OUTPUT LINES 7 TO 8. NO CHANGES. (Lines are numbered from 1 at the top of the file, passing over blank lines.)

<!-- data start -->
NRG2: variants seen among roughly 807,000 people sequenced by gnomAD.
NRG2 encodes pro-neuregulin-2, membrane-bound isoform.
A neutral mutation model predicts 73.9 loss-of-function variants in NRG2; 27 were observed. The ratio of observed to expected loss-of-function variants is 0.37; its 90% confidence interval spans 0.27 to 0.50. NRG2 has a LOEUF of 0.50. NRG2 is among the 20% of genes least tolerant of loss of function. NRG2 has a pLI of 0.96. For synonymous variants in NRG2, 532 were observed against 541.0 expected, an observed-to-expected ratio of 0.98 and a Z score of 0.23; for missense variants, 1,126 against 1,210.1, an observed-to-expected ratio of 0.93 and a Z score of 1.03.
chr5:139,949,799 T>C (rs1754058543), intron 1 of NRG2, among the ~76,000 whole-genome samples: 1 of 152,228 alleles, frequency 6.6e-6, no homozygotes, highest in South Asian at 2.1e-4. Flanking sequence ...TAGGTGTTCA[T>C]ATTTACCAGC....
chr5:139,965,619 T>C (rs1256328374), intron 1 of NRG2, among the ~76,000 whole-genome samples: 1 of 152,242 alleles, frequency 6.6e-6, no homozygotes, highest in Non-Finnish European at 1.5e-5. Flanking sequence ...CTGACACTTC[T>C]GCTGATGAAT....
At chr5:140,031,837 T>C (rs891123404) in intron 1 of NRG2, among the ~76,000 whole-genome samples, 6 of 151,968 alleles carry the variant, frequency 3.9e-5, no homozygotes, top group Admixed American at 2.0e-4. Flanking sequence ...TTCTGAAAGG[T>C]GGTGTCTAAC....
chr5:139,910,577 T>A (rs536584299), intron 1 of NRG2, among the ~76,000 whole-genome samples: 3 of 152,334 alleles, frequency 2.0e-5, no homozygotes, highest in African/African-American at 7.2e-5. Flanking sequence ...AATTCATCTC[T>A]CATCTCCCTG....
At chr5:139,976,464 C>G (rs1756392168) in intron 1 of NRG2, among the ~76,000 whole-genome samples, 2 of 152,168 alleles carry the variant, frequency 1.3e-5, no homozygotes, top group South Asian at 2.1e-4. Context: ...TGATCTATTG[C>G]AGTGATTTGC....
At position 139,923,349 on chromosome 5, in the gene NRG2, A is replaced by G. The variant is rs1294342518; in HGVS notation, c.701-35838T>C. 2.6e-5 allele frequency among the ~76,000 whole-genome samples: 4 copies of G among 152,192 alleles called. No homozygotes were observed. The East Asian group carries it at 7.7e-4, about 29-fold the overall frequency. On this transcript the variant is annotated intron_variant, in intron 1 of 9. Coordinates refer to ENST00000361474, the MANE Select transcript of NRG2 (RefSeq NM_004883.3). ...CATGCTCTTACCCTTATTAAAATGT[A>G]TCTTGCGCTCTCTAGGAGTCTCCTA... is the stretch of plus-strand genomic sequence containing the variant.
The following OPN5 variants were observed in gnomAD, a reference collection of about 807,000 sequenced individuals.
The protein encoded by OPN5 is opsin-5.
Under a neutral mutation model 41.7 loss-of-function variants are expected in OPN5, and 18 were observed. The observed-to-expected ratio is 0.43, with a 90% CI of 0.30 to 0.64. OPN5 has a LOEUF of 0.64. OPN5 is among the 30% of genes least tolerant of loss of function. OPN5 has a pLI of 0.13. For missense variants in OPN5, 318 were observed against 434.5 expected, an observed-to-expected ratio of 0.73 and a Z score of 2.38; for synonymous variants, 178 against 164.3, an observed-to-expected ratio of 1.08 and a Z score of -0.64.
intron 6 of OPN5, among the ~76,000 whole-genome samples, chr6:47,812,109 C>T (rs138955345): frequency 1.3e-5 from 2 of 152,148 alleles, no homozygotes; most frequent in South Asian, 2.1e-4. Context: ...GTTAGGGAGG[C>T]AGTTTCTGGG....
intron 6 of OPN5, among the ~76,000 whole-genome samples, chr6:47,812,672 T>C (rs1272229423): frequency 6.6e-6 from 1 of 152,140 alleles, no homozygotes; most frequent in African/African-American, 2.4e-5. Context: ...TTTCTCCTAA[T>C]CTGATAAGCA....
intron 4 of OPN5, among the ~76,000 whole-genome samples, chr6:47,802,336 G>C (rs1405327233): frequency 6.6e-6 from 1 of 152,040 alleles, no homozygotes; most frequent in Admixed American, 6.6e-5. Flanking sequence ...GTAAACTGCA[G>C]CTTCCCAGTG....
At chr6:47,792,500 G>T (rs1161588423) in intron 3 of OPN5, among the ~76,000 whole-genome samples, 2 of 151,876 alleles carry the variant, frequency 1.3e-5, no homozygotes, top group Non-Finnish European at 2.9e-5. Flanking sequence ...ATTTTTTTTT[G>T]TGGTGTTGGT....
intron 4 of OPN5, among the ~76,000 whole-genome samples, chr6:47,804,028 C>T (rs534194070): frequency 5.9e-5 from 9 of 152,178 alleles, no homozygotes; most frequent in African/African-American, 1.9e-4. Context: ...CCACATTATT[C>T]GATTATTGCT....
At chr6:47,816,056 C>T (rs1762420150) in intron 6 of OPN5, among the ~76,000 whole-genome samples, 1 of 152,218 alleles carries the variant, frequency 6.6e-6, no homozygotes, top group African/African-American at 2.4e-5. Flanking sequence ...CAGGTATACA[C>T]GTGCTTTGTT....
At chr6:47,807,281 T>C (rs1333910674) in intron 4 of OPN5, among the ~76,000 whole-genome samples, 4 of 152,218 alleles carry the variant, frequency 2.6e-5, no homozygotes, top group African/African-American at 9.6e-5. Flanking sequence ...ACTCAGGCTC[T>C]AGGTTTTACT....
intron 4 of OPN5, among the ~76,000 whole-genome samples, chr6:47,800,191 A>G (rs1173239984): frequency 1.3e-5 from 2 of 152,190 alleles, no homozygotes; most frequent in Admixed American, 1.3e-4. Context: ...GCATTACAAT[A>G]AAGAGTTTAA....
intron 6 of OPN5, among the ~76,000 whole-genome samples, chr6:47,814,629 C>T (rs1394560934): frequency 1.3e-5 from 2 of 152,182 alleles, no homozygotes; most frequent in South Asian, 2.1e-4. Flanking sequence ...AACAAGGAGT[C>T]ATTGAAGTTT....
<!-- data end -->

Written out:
chr5:139,910,577 T>A (rs536584299), intron 1 of NRG2, among the ~76,000 whole-genome samples: 3 of 152,334 alleles, frequency 2.0e-5, no homozygotes, highest in African/African-American at 7.2e-5. Flanking sequence ...AATTCATCTC[T>A]CATCTCCCTG....
At chr5:139,976,464 C>G (rs1756392168) in intron 1 of NRG2, among the ~76,000 whole-genome samples, 2 of 152,168 alleles carry the variant, frequency 1.3e-5, no homozygotes, top group South Asian at 2.1e-4. Context: ...TGATCTATTG[C>G]AGTGATTTGC....